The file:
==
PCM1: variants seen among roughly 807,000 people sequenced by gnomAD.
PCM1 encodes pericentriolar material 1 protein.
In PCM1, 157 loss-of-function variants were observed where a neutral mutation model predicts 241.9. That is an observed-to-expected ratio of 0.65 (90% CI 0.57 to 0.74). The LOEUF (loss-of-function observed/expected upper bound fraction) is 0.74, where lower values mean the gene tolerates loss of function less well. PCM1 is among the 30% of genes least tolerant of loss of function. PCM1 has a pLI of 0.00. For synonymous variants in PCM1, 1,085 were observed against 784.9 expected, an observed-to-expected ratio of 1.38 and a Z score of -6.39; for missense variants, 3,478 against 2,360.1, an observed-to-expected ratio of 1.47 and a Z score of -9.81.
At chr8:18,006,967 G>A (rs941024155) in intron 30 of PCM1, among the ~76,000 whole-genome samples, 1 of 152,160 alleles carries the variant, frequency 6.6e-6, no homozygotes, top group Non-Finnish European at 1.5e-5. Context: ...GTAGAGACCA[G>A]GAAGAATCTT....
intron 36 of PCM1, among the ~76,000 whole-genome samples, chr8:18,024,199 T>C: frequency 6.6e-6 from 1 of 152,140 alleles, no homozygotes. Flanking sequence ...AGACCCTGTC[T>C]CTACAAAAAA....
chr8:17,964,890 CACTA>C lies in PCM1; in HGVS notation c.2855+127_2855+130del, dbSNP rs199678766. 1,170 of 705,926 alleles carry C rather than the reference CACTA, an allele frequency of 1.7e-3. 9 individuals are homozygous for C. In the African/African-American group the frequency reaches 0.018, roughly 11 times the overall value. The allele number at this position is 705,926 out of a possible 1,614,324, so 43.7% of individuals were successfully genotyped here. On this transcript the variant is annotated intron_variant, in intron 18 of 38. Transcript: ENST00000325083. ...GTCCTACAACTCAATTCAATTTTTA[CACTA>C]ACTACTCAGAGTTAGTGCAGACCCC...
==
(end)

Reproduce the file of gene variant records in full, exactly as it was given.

PCM1: variants seen among roughly 807,000 people sequenced by gnomAD.
PCM1 encodes pericentriolar material 1 protein.
In PCM1, 157 loss-of-function variants were observed where a neutral mutation model predicts 241.9. That is an observed-to-expected ratio of 0.65 (90% CI 0.57 to 0.74). The LOEUF (loss-of-function observed/expected upper bound fraction) is 0.74, where lower values mean the gene tolerates loss of function less well. PCM1 is among the 30% of genes least tolerant of loss of function. PCM1 has a pLI of 0.00. For synonymous variants in PCM1, 1,085 were observed against 784.9 expected, an observed-to-expected ratio of 1.38 and a Z score of -6.39; for missense variants, 3,478 against 2,360.1, an observed-to-expected ratio of 1.47 and a Z score of -9.81.
At chr8:18,006,967 G>A (rs941024155) in intron 30 of PCM1, among the ~76,000 whole-genome samples, 1 of 152,160 alleles carries the variant, frequency 6.6e-6, no homozygotes, top group Non-Finnish European at 1.5e-5. Context: ...GTAGAGACCA[G>A]GAAGAATCTT....
intron 36 of PCM1, among the ~76,000 whole-genome samples, chr8:18,024,199 T>C: frequency 6.6e-6 from 1 of 152,140 alleles, no homozygotes. Flanking sequence ...AGACCCTGTC[T>C]CTACAAAAAA....
chr8:17,964,890 CACTA>C lies in PCM1; in HGVS notation c.2855+127_2855+130del, dbSNP rs199678766. 1,170 of 705,926 alleles carry C rather than the reference CACTA, an allele frequency of 1.7e-3. 9 individuals are homozygous for C. In the African/African-American group the frequency reaches 0.018, roughly 11 times the overall value. The allele number at this position is 705,926 out of a possible 1,614,324, so 43.7% of individuals were successfully genotyped here. On this transcript the variant is annotated intron_variant, in intron 18 of 38. Transcript: ENST00000325083. ...GTCCTACAACTCAATTCAATTTTTA[CACTA>C]ACTACTCAGAGTTAGTGCAGACCCC...